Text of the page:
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Rising peanut prices rippling from food banks to fast food

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Published:   |   Updated: March 21, 2013 at 09:52 AM
TAMPA -

Perhaps it's time to stop saying things cost "just peanuts."

Peanut prices are skyrocketing lately, thanks to scorching droughts in the Southeast, and that's leading to problems everywhere from grocery stores and French fries to potato chips cooked in peanut oil. Some experts now expect outright shortages next year.

"There just aren't enough peanuts to go around," said Ryan Freymuller, operations manager for Mickey's Peanuts in Palm Harbor, which supplies more than 100 ballparks around the nation with bagged nuts. "We saw our own prices go up 27 percent for raw nuts from one day to the next."

Peanut butter prices are jumping, and because peanuts are grown and harvested only once a year in the fall, Freymuller expects problems this season to ripple through 2012, leading to higher prices for a range of shoppers.

Much of the problem comes down to weather.

All those wildfires in Texas this summer were only the most visible signs of a terrible drought across the Southeast that all but decimated the farm fields, which normally produce about one third of the nation's peanut crop.

If that production shortfall wasn't enough, scores of farmers in Southeastern states have stopped growing peanuts and started growing corn and cotton that are reaching record-high prices, according to the U.S. Department of Agriculture.

Farmers this year devoted 11 percent fewer acres to peanuts nationally, with the major reduction coming from top-producing Georgia, where the sheer acreage of peanut growing is the lowest it's been since 1982, a recent USDA report concludes. Nationally, total peanut production could be down by 13 percent.

Demonstrating basic supply and demand forces at work, peanut prices almost doubled in some regions this year, the USDA said. In just the last 90 days, prices on Tampa Bay area grocery shelves have seen similar increases.

The average price of an 18-ounce jar of Jif peanut butter jumped 37 percent this fall, with Target, Sweetbay and Winn-Dixie all raising prices between 40 and 70 percent, according to the Tampa Tribune's Market Basket survey of grocery prices.

Publix raised Jif prices from $2.65 per jar to $3.45 in the last two weeks, while Winn-Dixie's price rose from $2.65 to $3.45. Only Walmart was able to maintain its price at about $2.50 a jar.

Food banks are especially feeling the pinch of rising peanut butter prices.

"This year we really have seen a drop in the donations of peanut butter that come in on a regular basis," said Steve Kilburn, director of communications at the St. Petersburg Free Clinic.

Food banks appreciate peanut butter because it had been a relatively cheap source of protein that doesn't need to be refrigerated and is good for the variety of the clients food banks serve.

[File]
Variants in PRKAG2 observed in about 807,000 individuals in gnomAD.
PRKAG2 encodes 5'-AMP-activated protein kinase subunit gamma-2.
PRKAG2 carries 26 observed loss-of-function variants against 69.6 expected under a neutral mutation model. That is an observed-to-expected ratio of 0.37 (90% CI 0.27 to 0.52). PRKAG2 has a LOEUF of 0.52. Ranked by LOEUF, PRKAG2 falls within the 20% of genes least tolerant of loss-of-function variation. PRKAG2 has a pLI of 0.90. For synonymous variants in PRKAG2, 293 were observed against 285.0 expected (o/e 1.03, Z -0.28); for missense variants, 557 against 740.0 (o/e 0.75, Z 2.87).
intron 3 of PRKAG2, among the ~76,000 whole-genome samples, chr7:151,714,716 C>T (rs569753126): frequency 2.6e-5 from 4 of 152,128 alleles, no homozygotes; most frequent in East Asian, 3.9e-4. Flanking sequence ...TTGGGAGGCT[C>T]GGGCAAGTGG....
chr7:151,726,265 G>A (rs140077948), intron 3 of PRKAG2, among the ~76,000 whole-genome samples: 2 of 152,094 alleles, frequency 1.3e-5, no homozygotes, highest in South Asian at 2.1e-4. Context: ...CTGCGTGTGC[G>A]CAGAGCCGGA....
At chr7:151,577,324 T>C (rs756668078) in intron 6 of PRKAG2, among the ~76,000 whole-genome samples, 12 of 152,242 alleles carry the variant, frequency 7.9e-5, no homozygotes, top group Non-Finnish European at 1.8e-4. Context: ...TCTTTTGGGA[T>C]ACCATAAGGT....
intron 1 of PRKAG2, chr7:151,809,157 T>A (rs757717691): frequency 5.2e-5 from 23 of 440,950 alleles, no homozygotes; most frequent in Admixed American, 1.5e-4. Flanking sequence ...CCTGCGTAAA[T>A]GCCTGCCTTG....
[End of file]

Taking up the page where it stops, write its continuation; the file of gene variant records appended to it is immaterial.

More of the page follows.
"It's a kid-friendly protein," Kilburn said. "It's also good for homeless people because you can make a meal out of peanut butter and a loaf of bread for weeks."

Higher peanut prices are also putting pressure on a growing number of restaurants that use peanut oil. The Five Guys burger chain hands out free peanuts in restaurants and uses peanut oil to cook its French fries.

Fast food giant Chick-fil-A has uses peanut oil to cook its chicken breasts ever since the 1960s, when founder Truett Cathy decided peanut oil was healthier and tasted better than other oils.

Chick-fil-A is one of the nation's largest peanut oil buyers, snapping up 20 percent of domestic production.

"So, yes, we are keenly aware of rising costs," said Mark Baldwin, a spokesman for the company.

With prices rising at the farm level, Chick-fil-A has been negotiating directly with farmers to keep costs down, Baldwin said. For now, the restaurant chain has decided not to pass cost increases on to customers through "well into next year," he said.

Whether peanut prices ease back down anytime soon will have a lot to do with where the broader economy goes, said Freymuller, of Mickey's Peanuts.

"When we process, we freight in nuts, so that's diesel, which is up. We cook with natural gas or propane, which is up. We package in plastic bags, which is petroleum, which is up," Freymuller said.

Even without this summer's huge price spike, peanut prices were already up about 50 percent in the last five years, Freymuller said, and though Mickey's has had to raise prices on many of its nuts, Freymuller said he's trying to hold off raising them too high too quickly.

But don't expect prices to drop anytime soon.

"Wherever your peanut prices are now, that's probably where they're going to be for at least the next 12 months," said Bob Sutter, chief executive of the North Carolina Peanut Growers Association.

That's because the entire peanut crop of 2011 has been picked, and there won't be another harvest until next fall. Big brands such as Jif and Skippy will have first pick of the crop, Sutter said. But "there will be some people who will not be able to get peanuts."

For now, the best advice for peanut-lovers is to watch more carefully where they buy peanut butter. At Sweetbay, for instance, the standard jar of Jif may cost $3.49, but the same size jar of the store's Hannaford brand costs less than half, just $1.49.


rmullins@tampatrib.com (813) 259-7919 Twitter: @DailyDeadline

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